The presence of a direct link between the available resources and the perception of the respect for human rights, although described in the validation work as a correlation between the respective elements [8Husky M, Zgueb Y, Ouali U, et al. Principal component analysis of the well-being at work and respect of human rights questionnaire (WWR) in the mediterranean region 2020.], is not strong enough to appear clearly in North Macedonia. Indeed, the professionals in North Macedonia were dissatisfied with the adequacy of resources but relatively satisfied with the respect of human rights.
The Tunisian sample is characterized by, on average, lower scores than other nations, with markedly low results in organizational satisfaction, in the perception of the adequacy of resources, and in the perception of respect for the rights of the staff. A perception of insecurity is highlighted by a high percentage of professionals who consider it essential to increase the number of security staff. Indeed, the Tunisian sample scored very differently from the Italian sample. This may be attributed to a different organization of the healthcare system in Tunisia compared to Italy and also to the specific political situation that is currently running in Tunisia. The validation of the instrument had highlighted how, in the internal comparison between items within the same Tunisian sample, this low score did not correlate negatively with the scores of the other items. In particular, it was not negatively associated with respect for users' rights or access to resources [8Husky M, Zgueb Y, Ouali U, et al. Principal component analysis of the well-being at work and respect of human rights questionnaire (WWR) in the mediterranean region 2020.]. For this reason, the result was interpreted as in relation to a general dissatisfaction of healthcare professionals in a particular historical moment of history, following the 2011 Revolution. The high number of staff that emphasized the importance of increasing security measures could be both the result of a perception of danger towards potential internal aggressors and the perception of vulnerability with respect to possible external aggressions. After the Revolution in 2011, aggressions on the staff in Tunisian hospitals have multiplied. One of the reasons might be that people are not yet able to sufficiently integrate the concept of individual freedom and rights, which they acquired after the Revolution. Overall, the Tunisian sample may be dissatisfied with the organization of their healthcare system for reasons that are unrelated to the topic that were investigated by the WWRR and that impact on the satisfaction at work for factors that impact on the respect of the human rights of the staff but less so on the respect of the human rights of the patients accessing the services.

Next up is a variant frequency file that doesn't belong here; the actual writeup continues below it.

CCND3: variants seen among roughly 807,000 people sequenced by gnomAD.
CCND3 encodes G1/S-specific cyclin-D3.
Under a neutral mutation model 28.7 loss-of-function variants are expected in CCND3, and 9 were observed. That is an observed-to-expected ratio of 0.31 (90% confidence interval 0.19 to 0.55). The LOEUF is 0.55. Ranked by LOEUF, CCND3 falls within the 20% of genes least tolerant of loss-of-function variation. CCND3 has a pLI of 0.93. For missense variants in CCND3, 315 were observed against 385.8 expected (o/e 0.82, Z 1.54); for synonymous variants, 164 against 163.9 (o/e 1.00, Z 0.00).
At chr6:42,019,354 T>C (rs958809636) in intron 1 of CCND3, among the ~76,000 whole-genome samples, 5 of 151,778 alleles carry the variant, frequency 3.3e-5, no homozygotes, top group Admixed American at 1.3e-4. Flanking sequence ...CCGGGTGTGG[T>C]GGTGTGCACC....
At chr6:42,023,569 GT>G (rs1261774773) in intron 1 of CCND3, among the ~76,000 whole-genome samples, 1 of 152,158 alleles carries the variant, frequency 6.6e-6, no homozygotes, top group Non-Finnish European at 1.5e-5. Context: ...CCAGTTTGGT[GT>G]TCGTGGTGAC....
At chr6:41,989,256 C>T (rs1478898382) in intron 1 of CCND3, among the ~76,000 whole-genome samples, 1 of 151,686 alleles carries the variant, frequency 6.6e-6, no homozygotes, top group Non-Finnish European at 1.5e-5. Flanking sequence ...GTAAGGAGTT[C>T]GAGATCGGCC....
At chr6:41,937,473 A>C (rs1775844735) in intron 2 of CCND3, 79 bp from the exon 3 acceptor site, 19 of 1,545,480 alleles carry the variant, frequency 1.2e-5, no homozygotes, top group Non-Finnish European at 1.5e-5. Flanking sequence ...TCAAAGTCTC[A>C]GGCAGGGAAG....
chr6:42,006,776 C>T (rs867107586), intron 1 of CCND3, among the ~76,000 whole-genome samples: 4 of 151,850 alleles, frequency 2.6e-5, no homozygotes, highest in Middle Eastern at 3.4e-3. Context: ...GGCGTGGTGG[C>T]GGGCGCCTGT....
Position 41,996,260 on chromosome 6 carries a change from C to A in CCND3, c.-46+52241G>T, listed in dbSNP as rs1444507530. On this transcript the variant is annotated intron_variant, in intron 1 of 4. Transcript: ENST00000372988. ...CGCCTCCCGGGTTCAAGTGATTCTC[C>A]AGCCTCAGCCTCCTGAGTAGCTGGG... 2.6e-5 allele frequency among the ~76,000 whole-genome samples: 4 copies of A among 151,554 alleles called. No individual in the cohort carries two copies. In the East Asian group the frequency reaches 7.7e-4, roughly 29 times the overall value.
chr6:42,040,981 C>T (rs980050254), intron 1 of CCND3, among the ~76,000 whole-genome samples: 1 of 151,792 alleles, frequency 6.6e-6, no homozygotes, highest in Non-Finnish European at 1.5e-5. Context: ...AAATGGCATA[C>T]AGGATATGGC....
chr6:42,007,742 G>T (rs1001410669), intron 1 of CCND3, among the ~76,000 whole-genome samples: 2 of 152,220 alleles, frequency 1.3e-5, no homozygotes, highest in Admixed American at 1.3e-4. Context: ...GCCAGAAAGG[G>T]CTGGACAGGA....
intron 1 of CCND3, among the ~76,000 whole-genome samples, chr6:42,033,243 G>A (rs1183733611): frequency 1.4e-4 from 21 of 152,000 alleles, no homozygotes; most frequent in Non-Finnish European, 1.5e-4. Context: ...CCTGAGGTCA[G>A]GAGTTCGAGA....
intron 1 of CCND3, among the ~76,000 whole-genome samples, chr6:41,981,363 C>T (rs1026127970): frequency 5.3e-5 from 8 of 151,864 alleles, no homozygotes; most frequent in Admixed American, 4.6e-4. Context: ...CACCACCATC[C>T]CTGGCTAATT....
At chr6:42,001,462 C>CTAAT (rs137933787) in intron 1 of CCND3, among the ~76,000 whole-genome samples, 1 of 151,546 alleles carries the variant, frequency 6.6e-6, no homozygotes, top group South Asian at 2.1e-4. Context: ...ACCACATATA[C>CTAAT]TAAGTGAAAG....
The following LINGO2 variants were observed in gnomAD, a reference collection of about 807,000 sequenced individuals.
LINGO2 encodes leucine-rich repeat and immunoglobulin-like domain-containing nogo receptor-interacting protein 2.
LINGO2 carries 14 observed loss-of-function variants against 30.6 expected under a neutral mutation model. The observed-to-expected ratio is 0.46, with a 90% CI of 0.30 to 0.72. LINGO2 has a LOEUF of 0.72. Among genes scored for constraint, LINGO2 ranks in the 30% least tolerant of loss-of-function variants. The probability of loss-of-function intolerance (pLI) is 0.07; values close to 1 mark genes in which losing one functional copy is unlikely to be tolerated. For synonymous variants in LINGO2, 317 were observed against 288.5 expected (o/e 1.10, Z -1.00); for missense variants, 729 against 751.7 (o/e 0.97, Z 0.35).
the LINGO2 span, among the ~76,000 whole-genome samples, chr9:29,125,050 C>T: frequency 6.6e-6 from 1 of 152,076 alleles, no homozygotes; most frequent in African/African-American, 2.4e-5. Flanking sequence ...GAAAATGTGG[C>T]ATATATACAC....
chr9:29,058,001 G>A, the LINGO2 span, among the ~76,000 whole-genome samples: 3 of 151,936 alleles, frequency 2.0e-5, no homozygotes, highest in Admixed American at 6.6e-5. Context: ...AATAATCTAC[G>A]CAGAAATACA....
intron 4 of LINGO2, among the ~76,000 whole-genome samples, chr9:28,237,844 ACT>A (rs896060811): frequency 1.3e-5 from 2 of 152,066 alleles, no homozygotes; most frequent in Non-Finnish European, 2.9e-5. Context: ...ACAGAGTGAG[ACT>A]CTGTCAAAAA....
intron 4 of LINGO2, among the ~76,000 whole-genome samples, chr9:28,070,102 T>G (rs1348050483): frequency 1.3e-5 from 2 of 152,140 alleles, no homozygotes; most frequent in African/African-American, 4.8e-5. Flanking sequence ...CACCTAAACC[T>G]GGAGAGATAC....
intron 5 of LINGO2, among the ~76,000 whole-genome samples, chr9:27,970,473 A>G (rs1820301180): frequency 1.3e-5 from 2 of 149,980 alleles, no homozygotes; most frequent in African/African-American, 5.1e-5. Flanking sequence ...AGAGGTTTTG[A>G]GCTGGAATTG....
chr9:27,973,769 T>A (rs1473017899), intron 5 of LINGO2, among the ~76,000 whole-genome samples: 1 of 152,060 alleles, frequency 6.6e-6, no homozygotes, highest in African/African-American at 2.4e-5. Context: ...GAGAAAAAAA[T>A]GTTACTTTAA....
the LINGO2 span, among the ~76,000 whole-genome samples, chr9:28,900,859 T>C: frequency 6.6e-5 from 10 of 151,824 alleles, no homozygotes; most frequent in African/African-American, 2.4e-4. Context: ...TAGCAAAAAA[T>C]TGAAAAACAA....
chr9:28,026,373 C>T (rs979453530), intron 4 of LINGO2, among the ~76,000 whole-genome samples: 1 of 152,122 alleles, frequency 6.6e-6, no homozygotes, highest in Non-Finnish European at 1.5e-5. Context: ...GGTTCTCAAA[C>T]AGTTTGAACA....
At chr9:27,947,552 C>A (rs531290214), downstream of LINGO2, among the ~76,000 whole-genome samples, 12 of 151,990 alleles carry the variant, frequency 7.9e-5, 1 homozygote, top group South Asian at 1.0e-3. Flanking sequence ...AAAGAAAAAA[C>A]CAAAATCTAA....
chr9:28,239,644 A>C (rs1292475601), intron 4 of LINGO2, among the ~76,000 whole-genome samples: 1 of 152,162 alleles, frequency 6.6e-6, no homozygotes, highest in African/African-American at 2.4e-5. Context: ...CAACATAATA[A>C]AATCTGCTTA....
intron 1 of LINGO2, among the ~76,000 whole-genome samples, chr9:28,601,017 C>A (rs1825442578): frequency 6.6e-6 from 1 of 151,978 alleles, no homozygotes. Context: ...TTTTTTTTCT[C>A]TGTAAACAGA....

Our findings offer a useful insight into the perception of the quality of mental health services, especially from a users’ rights point of view. From this perspective, this type of research could help to formulate hypotheses about the way cultural differences and work context impact the perception of respect for users’ rights. This could stimulate the discussion and the implementation of projects allowing eventually to assess the validity of the hypotheses. However, the current study was cross-sectional, and no specific chain of causation could have been addressed in the exploration of the topics that were covered by the questionnaire. In the future, there is a need for replication studies accounting also for the actual resource utilization and including a longitudinal record of actual measures and to take into account the variables that might influence their perception of the respect of human rights of the patients and the staff.
ETHICS APPROVAL AND CONSENT TO PARTICIPATE
The research was approved by the ethics committee of the Azienda Mista Ospedaliero Universitaria di Cagliari , Italy with Protocol Number PG/2018/8822.
HUMAN AND ANIMAL RIGHTS
No animals were used in this research. All human research procedures followed were in accordance with the ethical standards of the committee responsible for human experimentation (institutional and national), and with the Helsinki Declaration of 1975, as revised in 2013.
CONSENT FOR PUBLICATION
Written informed consent was obtained from each participant prior to the study.
AVAILABILITY OF DATA AND MATERIALS
CONFLICT OF INTEREST
The authors declare no conflict of interest financial or otherwise